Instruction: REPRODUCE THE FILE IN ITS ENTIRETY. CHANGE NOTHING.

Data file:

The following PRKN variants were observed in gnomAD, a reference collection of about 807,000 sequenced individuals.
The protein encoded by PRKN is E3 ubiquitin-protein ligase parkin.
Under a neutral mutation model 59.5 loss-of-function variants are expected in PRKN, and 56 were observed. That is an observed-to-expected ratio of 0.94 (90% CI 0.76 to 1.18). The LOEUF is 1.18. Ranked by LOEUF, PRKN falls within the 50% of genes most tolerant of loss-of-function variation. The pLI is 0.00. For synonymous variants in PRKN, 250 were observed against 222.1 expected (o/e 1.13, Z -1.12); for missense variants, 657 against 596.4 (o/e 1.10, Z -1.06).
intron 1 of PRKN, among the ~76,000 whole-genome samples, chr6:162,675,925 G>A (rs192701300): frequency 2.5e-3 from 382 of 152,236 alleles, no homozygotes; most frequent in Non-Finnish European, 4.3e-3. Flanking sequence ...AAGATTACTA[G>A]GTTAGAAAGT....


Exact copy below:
The following PRKN variants were observed in gnomAD, a reference collection of about 807,000 sequenced individuals.
The protein encoded by PRKN is E3 ubiquitin-protein ligase parkin.
Under a neutral mutation model 59.5 loss-of-function variants are expected in PRKN, and 56 were observed. That is an observed-to-expected ratio of 0.94 (90% CI 0.76 to 1.18). The LOEUF is 1.18. Ranked by LOEUF, PRKN falls within the 50% of genes most tolerant of loss-of-function variation. The pLI is 0.00. For synonymous variants in PRKN, 250 were observed against 222.1 expected (o/e 1.13, Z -1.12); for missense variants, 657 against 596.4 (o/e 1.10, Z -1.06).
intron 1 of PRKN, among the ~76,000 whole-genome samples, chr6:162,675,925 G>A (rs192701300): frequency 2.5e-3 from 382 of 152,236 alleles, no homozygotes; most frequent in Non-Finnish European, 4.3e-3. Flanking sequence ...AAGATTACTA[G>A]GTTAGAAAGT....